Miller poses with mannequins in the showroom; they're wearing looks from the latest resort collection, which will be out in 2012.

  • Photograph: Jani Zubkvos

    The sales team holds appointments with buyers in the showroom on a daily basis. The space is also used for look-book photo shoots, presentations and an annual Christmas potluck.

  • Photograph: Jani Zubkvos

    To make the blank white walls of Schmidt's office a little more exciting, she hung a Haitian voodoo print from the spring 2009 collection behind her desk.

  • Photograph: Jani Zubkvos

    Schmidt uses magnetic boards to design the seating chart for runway shows. "Nicole's friends are yellow magnets, and she seats all of her friends herself. But there is an unspoken hierarchy amongst magazines and editors, so as you can see, Time Out New York is on there, but...Vogue has the better seat," explains Schmidt apologetically.

Photograph: Jani Zubkvos

"[Nicole's logo] is super iconic. Obviously they've refined it into a logo, but that's just how she's always signed her name," explains PR and marketing director Heather Schmidt.

For the headquarters of a high-powered fashion mogul, the atmosphere at Nicole Miller is pretty casual. "We're not very corporate," explains VP of sales Sandy Yoon-Krupkin. Communication is wide open between departments, particularly the sales and design teams. CEO Bud Konheim regularly walks the halls to check in with staffers, and Miller herself is in the office daily—she's involved with every aspect of the design process for each of the brand's 25 different licensees. "You'd be shocked by how many people don't think she's a real person," says PR and marketing director Heather Schmidt with a laugh. Not surprisingly, everyone who works at the midtown office dresses stylishly, but there's a definite lack of the overblown primping and preening you might expect from people working in the fashion industry. Most of the women forego makeup, though there is an unofficial footwear policy: "You will be shot if you wear flats in our office," jokes Yoon-Krupkin, adding that if Miller starts seeing the offending style too frequently, she'll ask that a memo be circulated reminding everyone of her preference they wear heels. When asked about her pro-stiletto stance, Miller responded simply, "Well, I'm not a fan of flats."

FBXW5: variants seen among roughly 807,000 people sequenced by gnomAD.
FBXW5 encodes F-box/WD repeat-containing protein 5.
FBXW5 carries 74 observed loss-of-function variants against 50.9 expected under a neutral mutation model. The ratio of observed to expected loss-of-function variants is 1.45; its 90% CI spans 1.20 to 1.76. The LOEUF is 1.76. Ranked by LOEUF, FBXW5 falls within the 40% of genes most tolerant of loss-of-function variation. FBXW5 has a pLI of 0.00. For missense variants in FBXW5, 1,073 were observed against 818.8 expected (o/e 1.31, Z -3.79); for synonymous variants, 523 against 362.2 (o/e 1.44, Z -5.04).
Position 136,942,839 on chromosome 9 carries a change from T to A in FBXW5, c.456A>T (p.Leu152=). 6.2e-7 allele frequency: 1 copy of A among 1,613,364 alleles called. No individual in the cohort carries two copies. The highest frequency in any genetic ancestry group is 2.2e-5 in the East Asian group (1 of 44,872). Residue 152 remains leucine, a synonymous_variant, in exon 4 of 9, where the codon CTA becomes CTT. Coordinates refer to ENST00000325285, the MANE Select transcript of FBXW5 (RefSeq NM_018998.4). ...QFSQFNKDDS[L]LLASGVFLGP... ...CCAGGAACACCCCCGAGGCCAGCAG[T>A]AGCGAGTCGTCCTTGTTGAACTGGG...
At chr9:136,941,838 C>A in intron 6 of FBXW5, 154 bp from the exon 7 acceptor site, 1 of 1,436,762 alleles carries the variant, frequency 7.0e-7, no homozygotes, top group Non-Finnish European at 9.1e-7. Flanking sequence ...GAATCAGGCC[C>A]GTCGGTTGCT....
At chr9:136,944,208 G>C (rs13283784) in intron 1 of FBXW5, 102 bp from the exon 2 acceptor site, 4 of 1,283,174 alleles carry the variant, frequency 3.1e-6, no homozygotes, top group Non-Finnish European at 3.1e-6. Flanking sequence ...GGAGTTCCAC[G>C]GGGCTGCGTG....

The staff of around 70 employees regularly works late to meet project deadlines, but even weekends aren't entirely work free; the team checks in with each other via text message or e-mail. "Nicole reinvents herself constantly, so there's such a level of respect that we all just want to work really hard for her," says director of retail Desiree Thomas, who has been with the company in various capacities for 15 years, starting as an intern. "It's a genuine love. Is it a lot of work? Do we always have something to do? Is it cutthroat? Yeah, of course. But it's a really wonderful opportunity, too," she adds. Retail coordinator Ali Goldfarb agrees: "[I feel lucky to] work in a space where creativity is welcome and you get to wear a lot of different hats." As expected, there are some big sartorial perks here: You'll never see advertisements for a Nicole Miller sample sale, but every month, there's an internal one for employees only—and they get their clothes for free. "[Nicole] loves looking at employees in her clothing. I think that's her favorite thing," says Schmidt. Members of the sales team travel several times a year to cities like Paris and L.A. for trade shows, and "we try to make the best of it and get as much shopping in as possible," says Yoon-Krupkin. And while other fashionistas may feel compelled to live off Diet Coke and lettuce, no one at Nicole Miller goes starving: Twice a week, a chef cooks elaborate lunches for the entire staff. Miller also keeps a constant supply of gourmet potato chips in her office that anyone is free to snack on—as long as they don't take her last bag of spicy crawfish-flavored Zapp's.

Wanna work here?
Nicole Miller welcomes submissions of sketches or complete pieces by motivated designers. The company also hires up to 15 unpaid interns at a time, four times a year, and Schmidt says they're currently on the lookout for capable applicants. Anyone interested should send a rsum to info@nicolemiller.com. "Intern first," says Yoon-Krupkin. "You need a multi-line showroom experience, a private showroom experience and a corporate showroom experience, so you know what you like best." Once you've got a foot in the door, former intern Thomas advises, "Have an opinion, speak up and volunteer to be involved in as many things as you possibly can, whether you're asked to or not. [If you] take the initiative to go the extra step, not only will you learn something, but you'll also be recognized. If you go above and beyond, it's very easy to make a home for yourself here."